Keep blending until you're happy with the way the paint grades. Now add the darkest color (use a new brush), again with a little bit of white space between it and the color blend you've already done.

Repeat the blending process all the way back to the lightest color. Start by pulling the darkest paint into the white space. Then start blending the dark color into the medium color/light color blend.
In this case, since I am doing a double, corner-to-corner gradient, I am leaving some of the dark colored paint unblended for the next step.
Now I'm going to blend from dark to light in the opposite corner. The technique is the same. First, lay down the medium color with a little white space between it and the dark color.
Blend as above, pulling the dark color into the white space first and then blending with the medium color.

Then add the light color and blend as above.

Keep blending while the paint is wet. As the paint dries, you start to get interesting effects as you blend. Keep working the paint until you're happy with it. Once you're done, use your paint-loaded brushes to paint the edges of the canvas in similar tones to the canvas.
Here's my finished canvas!
Give my hubby a hand for taking the photos for this technique, or else I'd have one paint covered camera! Happy Wednesday!

11 comments:

Veronica said...

Oh Amanda, that is lovely! What do you recommend to use to make background paper? Does it matter as long as you use Mod Podge 1st? I think it'll be really cool to try!
your hubby has my thanks!!

Amanda Berens said...

Hey Veronica. As long as you seal the paper first, Mod Podge being the easiest way, you can use any background paper. The only thing to keep in mind is that the thinner the paper, the more it will curl when you Mod Podge it. But you can always Mod Podge the other side to get the paper to flatten back out. Thanks for asking!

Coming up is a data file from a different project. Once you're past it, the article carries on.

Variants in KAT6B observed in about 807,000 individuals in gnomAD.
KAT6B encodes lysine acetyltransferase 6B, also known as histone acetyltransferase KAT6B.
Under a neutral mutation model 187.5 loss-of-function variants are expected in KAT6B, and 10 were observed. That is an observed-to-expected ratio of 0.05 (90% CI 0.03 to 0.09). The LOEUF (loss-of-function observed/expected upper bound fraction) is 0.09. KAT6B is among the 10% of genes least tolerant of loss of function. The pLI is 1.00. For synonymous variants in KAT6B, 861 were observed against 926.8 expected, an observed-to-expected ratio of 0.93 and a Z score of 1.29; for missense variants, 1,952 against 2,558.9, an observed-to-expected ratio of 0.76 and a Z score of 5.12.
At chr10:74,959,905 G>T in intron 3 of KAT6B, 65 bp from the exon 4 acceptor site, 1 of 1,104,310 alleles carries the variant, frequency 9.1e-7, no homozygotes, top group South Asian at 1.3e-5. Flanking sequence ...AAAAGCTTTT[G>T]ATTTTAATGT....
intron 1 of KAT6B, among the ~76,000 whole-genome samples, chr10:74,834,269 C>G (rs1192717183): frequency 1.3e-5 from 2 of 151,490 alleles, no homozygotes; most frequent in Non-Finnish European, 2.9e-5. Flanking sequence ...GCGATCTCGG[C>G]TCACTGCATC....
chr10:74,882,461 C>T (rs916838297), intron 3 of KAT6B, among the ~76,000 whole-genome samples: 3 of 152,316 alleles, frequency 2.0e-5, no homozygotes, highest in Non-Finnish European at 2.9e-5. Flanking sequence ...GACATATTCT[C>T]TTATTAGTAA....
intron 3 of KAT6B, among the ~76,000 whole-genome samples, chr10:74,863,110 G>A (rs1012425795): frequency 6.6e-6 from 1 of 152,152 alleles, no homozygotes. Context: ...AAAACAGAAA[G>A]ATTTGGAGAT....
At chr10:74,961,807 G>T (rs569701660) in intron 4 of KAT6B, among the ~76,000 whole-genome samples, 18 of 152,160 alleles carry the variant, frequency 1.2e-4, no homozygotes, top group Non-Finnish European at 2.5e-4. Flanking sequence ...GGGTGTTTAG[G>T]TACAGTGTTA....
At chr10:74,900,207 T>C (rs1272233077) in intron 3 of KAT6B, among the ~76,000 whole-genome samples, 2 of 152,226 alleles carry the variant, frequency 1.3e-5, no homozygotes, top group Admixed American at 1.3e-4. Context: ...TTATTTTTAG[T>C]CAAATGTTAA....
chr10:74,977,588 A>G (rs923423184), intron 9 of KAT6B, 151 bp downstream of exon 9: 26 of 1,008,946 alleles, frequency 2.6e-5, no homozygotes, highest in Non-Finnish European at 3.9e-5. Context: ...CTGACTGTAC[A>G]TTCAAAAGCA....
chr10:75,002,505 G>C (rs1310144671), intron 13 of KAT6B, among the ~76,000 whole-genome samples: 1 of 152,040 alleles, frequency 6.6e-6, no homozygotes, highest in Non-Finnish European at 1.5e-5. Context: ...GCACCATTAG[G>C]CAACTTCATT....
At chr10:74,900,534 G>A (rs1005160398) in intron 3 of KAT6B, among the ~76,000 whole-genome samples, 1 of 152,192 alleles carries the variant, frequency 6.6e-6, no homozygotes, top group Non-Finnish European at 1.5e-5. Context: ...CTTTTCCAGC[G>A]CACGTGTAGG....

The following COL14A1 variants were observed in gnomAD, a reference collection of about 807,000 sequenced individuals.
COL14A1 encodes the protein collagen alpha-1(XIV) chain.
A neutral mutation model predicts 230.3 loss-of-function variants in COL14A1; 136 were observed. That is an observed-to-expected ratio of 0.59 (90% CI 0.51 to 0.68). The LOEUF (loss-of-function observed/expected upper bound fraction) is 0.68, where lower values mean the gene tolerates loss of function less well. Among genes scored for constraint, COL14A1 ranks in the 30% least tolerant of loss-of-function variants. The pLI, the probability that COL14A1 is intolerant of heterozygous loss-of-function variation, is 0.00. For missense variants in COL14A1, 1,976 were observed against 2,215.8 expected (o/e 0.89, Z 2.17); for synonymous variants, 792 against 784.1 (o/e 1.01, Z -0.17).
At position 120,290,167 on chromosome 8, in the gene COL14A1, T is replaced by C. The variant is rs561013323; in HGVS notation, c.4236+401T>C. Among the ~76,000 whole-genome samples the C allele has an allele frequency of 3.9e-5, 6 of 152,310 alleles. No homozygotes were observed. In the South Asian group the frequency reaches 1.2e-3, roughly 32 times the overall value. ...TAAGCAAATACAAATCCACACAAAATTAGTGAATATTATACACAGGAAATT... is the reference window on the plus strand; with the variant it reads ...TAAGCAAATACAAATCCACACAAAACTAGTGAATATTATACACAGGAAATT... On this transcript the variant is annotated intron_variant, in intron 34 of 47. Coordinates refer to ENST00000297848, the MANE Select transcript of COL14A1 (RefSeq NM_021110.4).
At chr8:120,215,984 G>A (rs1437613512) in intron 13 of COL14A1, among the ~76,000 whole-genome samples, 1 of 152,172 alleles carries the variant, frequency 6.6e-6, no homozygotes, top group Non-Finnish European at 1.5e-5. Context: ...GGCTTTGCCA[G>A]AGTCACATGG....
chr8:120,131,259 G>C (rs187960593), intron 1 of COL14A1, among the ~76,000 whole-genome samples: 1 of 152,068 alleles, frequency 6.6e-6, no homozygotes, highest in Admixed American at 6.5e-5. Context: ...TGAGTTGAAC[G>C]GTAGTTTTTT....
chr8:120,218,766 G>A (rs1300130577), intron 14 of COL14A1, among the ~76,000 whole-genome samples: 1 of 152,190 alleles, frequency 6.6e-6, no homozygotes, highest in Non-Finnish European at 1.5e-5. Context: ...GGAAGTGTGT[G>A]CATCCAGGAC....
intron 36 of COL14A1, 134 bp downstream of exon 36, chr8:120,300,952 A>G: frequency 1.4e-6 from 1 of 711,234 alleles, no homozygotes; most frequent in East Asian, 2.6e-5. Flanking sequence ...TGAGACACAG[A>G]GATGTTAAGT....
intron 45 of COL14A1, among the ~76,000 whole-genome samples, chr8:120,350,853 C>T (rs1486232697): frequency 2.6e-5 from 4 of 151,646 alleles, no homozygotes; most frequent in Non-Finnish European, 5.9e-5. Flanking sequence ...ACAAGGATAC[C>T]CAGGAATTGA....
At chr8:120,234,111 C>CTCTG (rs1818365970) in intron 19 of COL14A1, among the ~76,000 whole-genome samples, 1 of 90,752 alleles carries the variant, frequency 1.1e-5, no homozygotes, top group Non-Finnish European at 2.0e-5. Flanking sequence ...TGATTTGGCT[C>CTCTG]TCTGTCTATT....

Missis said...

Great tut, look nice too =) Thank you

Anonymous said...

But who was canvas?

Angelyn said...

Probably a stupid question but can you still paint another picture on the canvas using this technique? will the colours be off ?

Anonymous said...

This is EXACTLY what I was looking for! Your steps are great and so easy to understand. I'm bookmarkign this page when I'm ready to do my gradient in the next few days.

Karen said...

Thank you SO MUCH for taking the time to share your expertise! This is exactly what I needed, and it will make all the difference in my decoupage projects. Thanks again!

Anonymous said...

Thanx!
i can now teach my students this technique!!!

Amanda Berens said...

Just a friendly reminder. Per standard copyright laws you can not teach any of the thechniques or projects presented on this blog without my permission. Just ask. I appreciate your attention to this matter.

Silver Daisies said...

Thanks for the awesome tutorial! I featured it on my blog! http://lillianpearl.blogspot.com/2011/04/shrinky-dink-minus-sharpie-tutorial.html

SWood said...

I found a beautiful gradient scrapbook paper I want to recreate on a wall. I'm crazy,p to try this cpbecause I'm not a painter, but willing to try. What kind of paint would I use for such a big project? I usually prefer an eggshell latex finish, but don't know if that would blend well.